Adventures In Micro-Business: How to raise finance and patent your ideas

Each month Professor Russell Smith answers your queries
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The Independent Online

Q. I've been in business for a year but understand that regulations will change on 6 April. Where can I find information about such changes?

A. Many government departments issue information about such changes twice a year: on 6 April and 1 October. These dates are called the Common Commencement Dates or "CCDs". A good place to see an overview is the Business Link website (www.businesslink.gov.uk) on their Regulations Update page. They also offer an e-mail alert free subscription service that keeps you up-to-date throughout the year.

Q. Do I really need a website for my new business?

A. There is no law that says your business must have one but I do think that a website is becoming just as important as a business card. Potential customers use websites as a way of "checking out" your business. For that reason, a poor website is probably worse than no website at all. If your budget is tight, consider approaching your local college of further education and speak with the head of computing or media studies. Developing a website for a "real" business could make a useful project for a student team. You can find contact details for FE colleges from the Hero website (www.hero.ac.uk). The website also provides information about student placements; employing a student on a short-term project could be another way of developing a website.

Q. I run a part-time business - do I really need a separate business account at the bank.

A. You must keep records of business transactions and a separate bank account makes that easy. Always keep business and personal finance separate.

Q. I need to raise finance for my business. Is there a simple rule that governs how to choose between equity and debt finance?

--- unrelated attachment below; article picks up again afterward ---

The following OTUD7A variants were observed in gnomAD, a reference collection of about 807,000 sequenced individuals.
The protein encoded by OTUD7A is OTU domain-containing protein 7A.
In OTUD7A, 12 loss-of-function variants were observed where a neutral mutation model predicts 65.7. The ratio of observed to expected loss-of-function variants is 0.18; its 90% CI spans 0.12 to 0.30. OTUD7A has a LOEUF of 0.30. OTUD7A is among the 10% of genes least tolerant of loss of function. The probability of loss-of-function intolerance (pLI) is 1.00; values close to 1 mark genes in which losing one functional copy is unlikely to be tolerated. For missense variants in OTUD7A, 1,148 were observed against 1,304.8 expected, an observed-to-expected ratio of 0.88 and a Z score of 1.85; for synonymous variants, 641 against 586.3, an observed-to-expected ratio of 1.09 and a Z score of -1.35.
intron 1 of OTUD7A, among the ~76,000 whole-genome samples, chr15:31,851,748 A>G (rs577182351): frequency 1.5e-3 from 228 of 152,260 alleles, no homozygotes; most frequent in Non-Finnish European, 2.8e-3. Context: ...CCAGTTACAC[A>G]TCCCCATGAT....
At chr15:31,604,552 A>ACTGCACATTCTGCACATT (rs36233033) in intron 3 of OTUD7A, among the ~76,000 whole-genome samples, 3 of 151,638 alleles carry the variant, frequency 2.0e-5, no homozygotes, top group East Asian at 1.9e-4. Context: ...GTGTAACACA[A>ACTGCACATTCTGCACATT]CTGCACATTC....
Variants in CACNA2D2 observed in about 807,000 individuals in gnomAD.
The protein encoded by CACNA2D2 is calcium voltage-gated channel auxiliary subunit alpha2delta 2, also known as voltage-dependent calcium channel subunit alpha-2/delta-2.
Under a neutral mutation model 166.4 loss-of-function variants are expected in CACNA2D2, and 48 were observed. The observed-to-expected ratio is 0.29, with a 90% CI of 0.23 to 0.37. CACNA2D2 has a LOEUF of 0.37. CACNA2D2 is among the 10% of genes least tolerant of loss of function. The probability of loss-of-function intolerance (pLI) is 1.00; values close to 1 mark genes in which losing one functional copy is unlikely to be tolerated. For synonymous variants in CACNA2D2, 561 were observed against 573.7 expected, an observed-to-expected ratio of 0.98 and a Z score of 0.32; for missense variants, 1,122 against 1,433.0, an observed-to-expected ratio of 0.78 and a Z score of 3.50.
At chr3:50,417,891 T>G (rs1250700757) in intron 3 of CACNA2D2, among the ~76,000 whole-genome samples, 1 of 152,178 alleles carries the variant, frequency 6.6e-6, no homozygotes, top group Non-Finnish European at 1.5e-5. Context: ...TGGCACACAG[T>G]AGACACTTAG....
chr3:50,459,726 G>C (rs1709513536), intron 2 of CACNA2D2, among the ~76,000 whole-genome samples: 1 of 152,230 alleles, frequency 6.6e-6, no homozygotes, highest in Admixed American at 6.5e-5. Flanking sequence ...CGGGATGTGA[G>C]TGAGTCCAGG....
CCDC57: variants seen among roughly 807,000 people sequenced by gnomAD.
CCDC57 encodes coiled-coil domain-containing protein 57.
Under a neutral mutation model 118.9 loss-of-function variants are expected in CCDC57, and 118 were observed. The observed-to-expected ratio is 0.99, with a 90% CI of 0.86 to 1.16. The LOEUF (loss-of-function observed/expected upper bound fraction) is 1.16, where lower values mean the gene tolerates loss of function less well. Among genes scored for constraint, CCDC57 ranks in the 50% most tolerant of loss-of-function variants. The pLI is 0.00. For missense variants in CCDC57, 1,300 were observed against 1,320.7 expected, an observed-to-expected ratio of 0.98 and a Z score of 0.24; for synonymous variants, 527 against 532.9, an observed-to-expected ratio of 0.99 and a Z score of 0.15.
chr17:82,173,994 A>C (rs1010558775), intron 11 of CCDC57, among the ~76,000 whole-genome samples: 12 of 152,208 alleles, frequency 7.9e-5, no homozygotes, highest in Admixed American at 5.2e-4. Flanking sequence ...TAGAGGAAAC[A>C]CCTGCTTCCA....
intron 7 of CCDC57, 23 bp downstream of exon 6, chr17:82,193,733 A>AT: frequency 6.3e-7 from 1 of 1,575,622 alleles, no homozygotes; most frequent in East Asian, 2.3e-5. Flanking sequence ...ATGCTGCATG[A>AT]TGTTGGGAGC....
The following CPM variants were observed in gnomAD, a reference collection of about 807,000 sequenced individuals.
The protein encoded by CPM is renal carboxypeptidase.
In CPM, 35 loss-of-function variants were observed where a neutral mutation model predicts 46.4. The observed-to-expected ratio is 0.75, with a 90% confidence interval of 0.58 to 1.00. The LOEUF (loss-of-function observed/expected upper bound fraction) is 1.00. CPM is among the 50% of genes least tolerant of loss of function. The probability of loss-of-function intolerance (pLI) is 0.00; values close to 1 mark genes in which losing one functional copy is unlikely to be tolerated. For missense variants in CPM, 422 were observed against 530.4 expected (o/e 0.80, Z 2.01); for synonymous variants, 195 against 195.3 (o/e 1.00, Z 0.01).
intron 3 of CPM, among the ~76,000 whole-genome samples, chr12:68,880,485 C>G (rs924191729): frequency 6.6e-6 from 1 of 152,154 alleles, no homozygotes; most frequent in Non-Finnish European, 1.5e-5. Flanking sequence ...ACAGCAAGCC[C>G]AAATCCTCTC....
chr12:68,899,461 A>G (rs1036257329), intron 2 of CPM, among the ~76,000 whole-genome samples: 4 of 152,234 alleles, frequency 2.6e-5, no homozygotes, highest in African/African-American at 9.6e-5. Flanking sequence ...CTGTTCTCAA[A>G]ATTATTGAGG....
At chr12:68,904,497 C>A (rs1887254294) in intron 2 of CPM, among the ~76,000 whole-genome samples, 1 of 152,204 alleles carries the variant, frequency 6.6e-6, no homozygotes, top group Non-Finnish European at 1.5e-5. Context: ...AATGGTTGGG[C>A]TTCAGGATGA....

A. Basically, equity finance involves selling shares in your company to investors while debt finance involves borrowing money. Investors get their money back, hopefully with a profit, when they later sell those shares. Borrowed money has to be repaid by your business. In general terms, debt finance is appropriate if the business can quickly come into profit and be able to repay the loan. By contrast, equity finance is often used to fund the development of a business that takes longer to come into profit. However, the two forms of finance are not mutually exclusive and therefore many businesses access finance from both sources. I recommend that you discuss any financial needs with your accountant before making a decision.

Q. I have come up with an idea that I believe could be patented and form the basis of a great business. What should I do?

A. Firstly, don't tell anybody about your idea! You must keep ideas secret before filing a patent. The first step would be to consult a patent attorney. If you are unsure about who to visit in your local area, your solicitor should be able to recommend one. General information about patents can be found from the Patent Office website ( www.patent.gov.uk). I also suggest that you visit the excellent website of NESTA (the National Endowment for Science, Technology and the Arts) at www.nesta.org.uk. NESTA provides a wealth of information and support for inventors and also invests in innovative ideas.

Questions please

Send your questions to Russell Smith at independent@businessboffins.com. Selected questions will be answered each month. Answers are for the general guidance of owner-managers only; always seek professional advice. Professor Smith is the founder of Oxford-based Business Boffins Ltd which, in collaboration with Oxford Brookes University Business School, delivers support programmes to small businesses nationwide. Independent and Independent on Sunday readers can enrol on the university-accredited programme at a discounted rate; see www.businessboffins.com/independent.

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